This lecture by Ian Scoones explores how processes of social differentiation and patterns of accumulation, linked to the emergence of different ‘classes’, can be understood, drawing on critical agrarian studies. How does this apply to pastoral settings, sometimes assumed to be egalitarian, governed by ‘custom’ and ‘tradition’?
Much empirical work points to increasing differentiation in pastoral systems, with some ‘moving up and out’, while others are stuck, or exit the system altogether. This varies by gender and by age, as well as over time, as particular shocks (drought, famine, war) result in major reconfigurations. The kin and community-based social relations that maintained (at least an impression of) homogeneity within pastoral groups, supported by systems of reciprocity and mutualism, have changed.
A more individualised, differentiated society, subject to market dynamics, invites a class analysis distinguishing those accumulating (hiring in labour, investing in livestock, maybe land etc.) as part of a class of a local capitalist elite and those poorer pastoralists, who may be selling labour or diversifying livelihood activities, as part of the ‘fragmented classes of labour’ in pastoral areas. But there are of course features of pastoralism – such as collective land and livestock holdings, mobility and livestock as a source of capital – that limit the parallels with peasant societies. Transitions to commercial, capitalist livestock production in pastoral areas has become possible for some as market opportunities open up, leaving others behind. The implications of such changes for labour, land access and market activity can be profound, suggesting very different futures for pastoral areas with highly differentiated populations.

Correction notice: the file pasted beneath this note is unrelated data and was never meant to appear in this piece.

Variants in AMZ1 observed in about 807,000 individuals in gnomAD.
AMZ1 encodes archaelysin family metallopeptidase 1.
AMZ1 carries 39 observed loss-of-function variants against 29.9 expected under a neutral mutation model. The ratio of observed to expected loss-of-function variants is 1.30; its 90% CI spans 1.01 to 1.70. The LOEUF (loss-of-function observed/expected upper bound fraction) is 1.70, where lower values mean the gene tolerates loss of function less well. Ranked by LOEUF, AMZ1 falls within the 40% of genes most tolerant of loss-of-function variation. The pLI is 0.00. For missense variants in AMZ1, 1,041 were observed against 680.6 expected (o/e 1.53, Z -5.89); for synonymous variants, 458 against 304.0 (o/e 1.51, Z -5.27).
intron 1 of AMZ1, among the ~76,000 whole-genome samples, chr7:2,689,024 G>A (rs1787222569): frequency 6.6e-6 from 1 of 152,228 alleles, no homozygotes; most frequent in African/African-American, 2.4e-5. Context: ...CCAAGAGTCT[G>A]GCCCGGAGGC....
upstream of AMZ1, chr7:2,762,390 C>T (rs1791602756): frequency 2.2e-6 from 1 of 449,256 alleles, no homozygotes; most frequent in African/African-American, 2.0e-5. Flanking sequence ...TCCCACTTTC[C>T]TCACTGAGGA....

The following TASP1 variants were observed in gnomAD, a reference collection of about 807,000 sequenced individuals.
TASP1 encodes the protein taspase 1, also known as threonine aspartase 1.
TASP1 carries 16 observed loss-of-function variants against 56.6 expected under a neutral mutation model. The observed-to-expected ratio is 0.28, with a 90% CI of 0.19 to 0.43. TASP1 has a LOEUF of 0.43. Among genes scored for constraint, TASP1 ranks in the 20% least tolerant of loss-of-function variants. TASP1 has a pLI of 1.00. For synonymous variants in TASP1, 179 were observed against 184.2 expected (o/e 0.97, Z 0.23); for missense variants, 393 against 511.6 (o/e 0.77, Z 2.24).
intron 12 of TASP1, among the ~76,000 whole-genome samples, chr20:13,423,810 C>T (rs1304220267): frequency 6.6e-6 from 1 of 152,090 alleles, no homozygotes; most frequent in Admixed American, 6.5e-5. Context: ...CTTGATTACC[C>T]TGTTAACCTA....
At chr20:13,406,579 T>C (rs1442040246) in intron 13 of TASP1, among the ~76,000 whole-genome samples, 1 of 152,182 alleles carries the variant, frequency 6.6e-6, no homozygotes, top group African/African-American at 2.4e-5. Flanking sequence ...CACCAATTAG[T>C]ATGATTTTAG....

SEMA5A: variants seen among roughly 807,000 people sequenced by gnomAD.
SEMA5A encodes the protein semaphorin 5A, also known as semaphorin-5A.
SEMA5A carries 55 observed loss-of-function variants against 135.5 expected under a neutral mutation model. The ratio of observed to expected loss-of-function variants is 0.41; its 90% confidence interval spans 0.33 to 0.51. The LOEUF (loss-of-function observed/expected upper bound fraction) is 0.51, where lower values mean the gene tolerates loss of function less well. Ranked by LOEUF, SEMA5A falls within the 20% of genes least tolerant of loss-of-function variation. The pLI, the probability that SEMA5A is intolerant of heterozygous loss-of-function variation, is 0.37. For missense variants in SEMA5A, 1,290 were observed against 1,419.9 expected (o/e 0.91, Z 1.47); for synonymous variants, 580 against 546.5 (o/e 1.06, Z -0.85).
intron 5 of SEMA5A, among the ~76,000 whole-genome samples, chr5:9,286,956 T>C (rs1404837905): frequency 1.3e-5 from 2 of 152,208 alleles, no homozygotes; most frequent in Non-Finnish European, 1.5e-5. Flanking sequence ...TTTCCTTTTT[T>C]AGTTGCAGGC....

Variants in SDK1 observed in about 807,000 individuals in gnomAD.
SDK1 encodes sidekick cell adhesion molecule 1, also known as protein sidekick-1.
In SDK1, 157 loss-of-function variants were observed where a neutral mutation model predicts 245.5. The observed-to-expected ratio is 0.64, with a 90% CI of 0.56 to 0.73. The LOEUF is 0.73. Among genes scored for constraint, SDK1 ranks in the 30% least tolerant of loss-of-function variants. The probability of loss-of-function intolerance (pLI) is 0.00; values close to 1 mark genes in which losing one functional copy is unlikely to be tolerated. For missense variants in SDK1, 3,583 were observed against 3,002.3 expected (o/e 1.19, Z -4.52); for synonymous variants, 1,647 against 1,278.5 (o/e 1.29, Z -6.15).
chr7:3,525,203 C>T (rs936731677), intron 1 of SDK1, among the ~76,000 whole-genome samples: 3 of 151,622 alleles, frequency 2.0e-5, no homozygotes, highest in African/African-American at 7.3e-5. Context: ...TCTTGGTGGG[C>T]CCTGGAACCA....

Watch the lecture
- What are the sites of accumulation in pastoral areas? Who are the winners and losers?
- What processes of social differentiation are evident, driven by what processes?
- How is this influencing class formation, as well as gender and age divisions?
- What are the implications for labour dynamics in pastoral areas?
- Aklilu, Y. and Catley, A. (2013) Moving up or moving out? Commercialization, growth and destitution in pastoralist areas. Chapter in: Catley et al eds., Pastoralism and Development in Africa (pp. 108-120). London:Earthscan/Routledge. See also: Aklilu, Y. and Catley, A. (2010) Mind the Gap: Commercialization, Livelihoods and Wealth Disparity in Pastoralist Areas of Ethiopia, Report. Addis Ababa: Feinstein International Centre, Tufts University.
- Akram-Lodhi, A.H. and Kay, C. (2010) Surveying the agrarian question (part 1): unearthing foundations, exploring diversity, Journal of Peasant Studies, 37:177-202
- Akram-Lodhi, A.H. and Kay, C. (2010) Surveying the agrarian question (part 2): Current debates and beyond, Journal of Peasant Studies, 37:255-284.
- Bernstein, H. (2006) Is there an agrarian question in the 21st century? Canadian Journal of Development Studies/Revue Canadienne d’Etudes du Développement, 27(4): 449-460.
- Bernstein, H. (2010) Class Dynamics of Agrarian Change. West Hartford, CT: Kumarian Press.
- Cousins, B. (2010) What is a ‘smallholder’? Class-analytic perspectives on small-scale farming and agrarian reform in South Africa, PLAAS Working Paper 16. Cape Town: PLAAS.
- Edelman, M. (2013) What is a peasant? What are peasantries? A briefing paper on issues of definition. Prepared for the first session of the Intergovernmental Working Group on a United Nations Declaration on the Rights of Peasants and Other People Working in Rural Areas, Geneva, pp.15-19.
- Gardner, B. (2009) Are livestock a troublesome commodity? Geoforum, 40(5): 781-783.
Photo credit: Masresha Taye